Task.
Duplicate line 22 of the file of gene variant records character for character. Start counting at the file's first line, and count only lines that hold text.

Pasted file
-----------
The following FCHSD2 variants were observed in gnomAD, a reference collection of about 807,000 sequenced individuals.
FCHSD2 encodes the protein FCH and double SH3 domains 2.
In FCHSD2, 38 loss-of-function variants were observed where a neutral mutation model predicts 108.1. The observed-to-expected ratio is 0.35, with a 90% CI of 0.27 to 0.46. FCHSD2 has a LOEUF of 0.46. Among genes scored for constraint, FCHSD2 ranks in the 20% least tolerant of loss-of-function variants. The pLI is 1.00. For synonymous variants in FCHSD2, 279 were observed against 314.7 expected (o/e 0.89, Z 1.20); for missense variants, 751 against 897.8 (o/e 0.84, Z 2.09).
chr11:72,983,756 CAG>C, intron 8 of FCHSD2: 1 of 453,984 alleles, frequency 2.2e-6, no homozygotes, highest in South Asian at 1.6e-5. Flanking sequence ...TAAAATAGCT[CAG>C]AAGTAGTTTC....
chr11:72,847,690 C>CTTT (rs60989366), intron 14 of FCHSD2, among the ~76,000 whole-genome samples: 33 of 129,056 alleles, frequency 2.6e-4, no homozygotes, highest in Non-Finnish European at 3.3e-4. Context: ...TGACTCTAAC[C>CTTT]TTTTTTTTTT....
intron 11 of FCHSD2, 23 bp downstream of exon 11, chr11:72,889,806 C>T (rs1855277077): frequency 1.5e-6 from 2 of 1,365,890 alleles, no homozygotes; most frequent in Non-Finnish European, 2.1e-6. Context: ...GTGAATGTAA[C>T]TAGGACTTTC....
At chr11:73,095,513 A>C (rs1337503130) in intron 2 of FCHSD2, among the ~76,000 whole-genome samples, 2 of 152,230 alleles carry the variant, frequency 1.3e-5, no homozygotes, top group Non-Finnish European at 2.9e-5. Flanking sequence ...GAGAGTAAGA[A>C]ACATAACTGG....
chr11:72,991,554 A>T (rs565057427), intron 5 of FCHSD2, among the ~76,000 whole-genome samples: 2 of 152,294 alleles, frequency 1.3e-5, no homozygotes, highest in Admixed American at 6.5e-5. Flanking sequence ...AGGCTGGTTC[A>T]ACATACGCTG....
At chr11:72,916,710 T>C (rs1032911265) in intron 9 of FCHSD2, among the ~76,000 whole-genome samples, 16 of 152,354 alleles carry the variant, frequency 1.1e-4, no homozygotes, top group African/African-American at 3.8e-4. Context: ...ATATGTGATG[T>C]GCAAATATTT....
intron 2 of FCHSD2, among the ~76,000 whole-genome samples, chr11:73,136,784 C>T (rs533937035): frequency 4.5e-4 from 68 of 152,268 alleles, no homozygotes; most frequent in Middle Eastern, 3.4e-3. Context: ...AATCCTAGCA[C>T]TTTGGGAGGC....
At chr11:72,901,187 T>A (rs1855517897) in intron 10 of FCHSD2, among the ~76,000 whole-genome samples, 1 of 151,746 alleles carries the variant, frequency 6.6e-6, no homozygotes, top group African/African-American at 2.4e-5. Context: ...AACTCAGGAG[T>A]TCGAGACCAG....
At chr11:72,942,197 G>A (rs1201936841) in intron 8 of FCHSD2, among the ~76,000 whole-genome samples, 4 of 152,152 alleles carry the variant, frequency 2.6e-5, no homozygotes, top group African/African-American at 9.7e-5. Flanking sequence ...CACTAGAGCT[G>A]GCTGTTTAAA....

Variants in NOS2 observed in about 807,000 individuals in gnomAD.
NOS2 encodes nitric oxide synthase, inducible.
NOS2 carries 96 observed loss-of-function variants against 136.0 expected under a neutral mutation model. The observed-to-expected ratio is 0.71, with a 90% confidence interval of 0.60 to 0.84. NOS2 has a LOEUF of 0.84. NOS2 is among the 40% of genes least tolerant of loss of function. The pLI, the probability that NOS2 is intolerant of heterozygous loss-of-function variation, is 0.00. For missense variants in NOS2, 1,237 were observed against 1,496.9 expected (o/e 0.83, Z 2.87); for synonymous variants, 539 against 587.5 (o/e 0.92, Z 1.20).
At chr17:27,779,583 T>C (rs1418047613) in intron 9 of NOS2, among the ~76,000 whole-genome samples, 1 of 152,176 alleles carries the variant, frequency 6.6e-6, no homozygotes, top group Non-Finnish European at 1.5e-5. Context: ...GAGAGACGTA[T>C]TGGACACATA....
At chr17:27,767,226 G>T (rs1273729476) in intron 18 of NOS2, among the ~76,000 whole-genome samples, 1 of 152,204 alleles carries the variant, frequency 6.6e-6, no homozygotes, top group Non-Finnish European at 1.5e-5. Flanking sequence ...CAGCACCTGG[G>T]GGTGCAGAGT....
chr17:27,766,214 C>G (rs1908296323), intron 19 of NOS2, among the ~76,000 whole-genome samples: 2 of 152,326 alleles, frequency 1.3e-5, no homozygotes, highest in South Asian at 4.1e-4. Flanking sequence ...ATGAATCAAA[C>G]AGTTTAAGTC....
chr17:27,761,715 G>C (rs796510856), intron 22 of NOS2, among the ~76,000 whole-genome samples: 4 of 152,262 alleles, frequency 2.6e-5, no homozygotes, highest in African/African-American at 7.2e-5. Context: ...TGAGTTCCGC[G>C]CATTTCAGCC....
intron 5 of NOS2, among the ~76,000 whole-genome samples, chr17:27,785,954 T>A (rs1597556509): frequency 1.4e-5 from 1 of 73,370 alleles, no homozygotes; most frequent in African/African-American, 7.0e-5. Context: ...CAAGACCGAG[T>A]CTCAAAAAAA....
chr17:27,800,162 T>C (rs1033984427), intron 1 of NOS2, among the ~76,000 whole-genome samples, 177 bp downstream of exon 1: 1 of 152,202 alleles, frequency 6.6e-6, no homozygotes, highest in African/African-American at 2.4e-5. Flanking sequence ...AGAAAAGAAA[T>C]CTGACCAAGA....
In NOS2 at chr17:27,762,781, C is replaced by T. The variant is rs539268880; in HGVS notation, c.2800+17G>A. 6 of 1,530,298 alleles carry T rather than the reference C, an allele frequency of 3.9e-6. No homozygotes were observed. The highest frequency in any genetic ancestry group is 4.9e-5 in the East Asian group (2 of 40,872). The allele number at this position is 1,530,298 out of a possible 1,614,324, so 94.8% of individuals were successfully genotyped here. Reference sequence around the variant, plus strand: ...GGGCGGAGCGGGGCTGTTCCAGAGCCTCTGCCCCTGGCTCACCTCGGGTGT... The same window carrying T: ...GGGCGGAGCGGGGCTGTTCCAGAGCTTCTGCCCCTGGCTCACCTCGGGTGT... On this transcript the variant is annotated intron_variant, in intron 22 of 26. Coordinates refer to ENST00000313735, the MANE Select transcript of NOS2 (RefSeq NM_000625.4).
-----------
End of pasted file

In NOS2 at chr17:27,762,781, C is replaced by T. The variant is rs539268880; in HGVS notation, c.2800+17G>A. 6 of 1,530,298 alleles carry T rather than the reference C, an allele frequency of 3.9e-6. No homozygotes were observed. The highest frequency in any genetic ancestry group is 4.9e-5 in the East Asian group (2 of 40,872). The allele number at this position is 1,530,298 out of a possible 1,614,324, so 94.8% of individuals were successfully genotyped here. Reference sequence around the variant, plus strand: ...GGGCGGAGCGGGGCTGTTCCAGAGCCTCTGCCCCTGGCTCACCTCGGGTGT... The same window carrying T: ...GGGCGGAGCGGGGCTGTTCCAGAGCTTCTGCCCCTGGCTCACCTCGGGTGT... On this transcript the variant is annotated intron_variant, in intron 22 of 26. Coordinates refer to ENST00000313735, the MANE Select transcript of NOS2 (RefSeq NM_000625.4).